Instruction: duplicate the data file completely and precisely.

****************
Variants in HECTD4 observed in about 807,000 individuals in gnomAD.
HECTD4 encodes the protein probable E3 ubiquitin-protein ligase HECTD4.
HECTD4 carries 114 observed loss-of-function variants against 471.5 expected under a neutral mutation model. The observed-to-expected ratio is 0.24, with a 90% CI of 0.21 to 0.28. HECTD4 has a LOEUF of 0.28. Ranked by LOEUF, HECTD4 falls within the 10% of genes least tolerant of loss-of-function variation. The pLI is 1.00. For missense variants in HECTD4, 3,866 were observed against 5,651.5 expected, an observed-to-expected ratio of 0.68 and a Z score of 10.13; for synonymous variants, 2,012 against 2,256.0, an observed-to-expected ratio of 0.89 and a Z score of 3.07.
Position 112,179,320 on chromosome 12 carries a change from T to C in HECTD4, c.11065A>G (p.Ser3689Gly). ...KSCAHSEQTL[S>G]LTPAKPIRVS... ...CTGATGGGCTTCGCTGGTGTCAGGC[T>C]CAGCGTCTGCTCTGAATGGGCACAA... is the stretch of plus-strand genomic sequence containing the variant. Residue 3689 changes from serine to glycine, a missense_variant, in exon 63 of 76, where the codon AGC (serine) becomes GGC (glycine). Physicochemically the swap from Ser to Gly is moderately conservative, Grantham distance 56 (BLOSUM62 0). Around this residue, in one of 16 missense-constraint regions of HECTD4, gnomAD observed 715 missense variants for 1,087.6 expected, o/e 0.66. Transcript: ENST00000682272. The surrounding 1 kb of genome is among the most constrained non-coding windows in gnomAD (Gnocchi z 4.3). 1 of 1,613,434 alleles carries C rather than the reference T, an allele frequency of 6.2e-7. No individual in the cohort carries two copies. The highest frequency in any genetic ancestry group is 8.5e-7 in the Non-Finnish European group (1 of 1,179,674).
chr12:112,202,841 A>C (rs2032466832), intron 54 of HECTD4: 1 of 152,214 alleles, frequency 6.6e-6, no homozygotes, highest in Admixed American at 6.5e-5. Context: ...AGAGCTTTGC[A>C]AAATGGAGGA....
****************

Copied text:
Variants in HECTD4 observed in about 807,000 individuals in gnomAD.
HECTD4 encodes the protein probable E3 ubiquitin-protein ligase HECTD4.
HECTD4 carries 114 observed loss-of-function variants against 471.5 expected under a neutral mutation model. The observed-to-expected ratio is 0.24, with a 90% CI of 0.21 to 0.28. HECTD4 has a LOEUF of 0.28. Ranked by LOEUF, HECTD4 falls within the 10% of genes least tolerant of loss-of-function variation. The pLI is 1.00. For missense variants in HECTD4, 3,866 were observed against 5,651.5 expected, an observed-to-expected ratio of 0.68 and a Z score of 10.13; for synonymous variants, 2,012 against 2,256.0, an observed-to-expected ratio of 0.89 and a Z score of 3.07.
Position 112,179,320 on chromosome 12 carries a change from T to C in HECTD4, c.11065A>G (p.Ser3689Gly). ...KSCAHSEQTL[S>G]LTPAKPIRVS... ...CTGATGGGCTTCGCTGGTGTCAGGC[T>C]CAGCGTCTGCTCTGAATGGGCACAA... is the stretch of plus-strand genomic sequence containing the variant. Residue 3689 changes from serine to glycine, a missense_variant, in exon 63 of 76, where the codon AGC (serine) becomes GGC (glycine). Physicochemically the swap from Ser to Gly is moderately conservative, Grantham distance 56 (BLOSUM62 0). Around this residue, in one of 16 missense-constraint regions of HECTD4, gnomAD observed 715 missense variants for 1,087.6 expected, o/e 0.66. Transcript: ENST00000682272. The surrounding 1 kb of genome is among the most constrained non-coding windows in gnomAD (Gnocchi z 4.3). 1 of 1,613,434 alleles carries C rather than the reference T, an allele frequency of 6.2e-7. No individual in the cohort carries two copies. The highest frequency in any genetic ancestry group is 8.5e-7 in the Non-Finnish European group (1 of 1,179,674).
chr12:112,202,841 A>C (rs2032466832), intron 54 of HECTD4: 1 of 152,214 alleles, frequency 6.6e-6, no homozygotes, highest in Admixed American at 6.5e-5. Context: ...AGAGCTTTGC[A>C]AAATGGAGGA....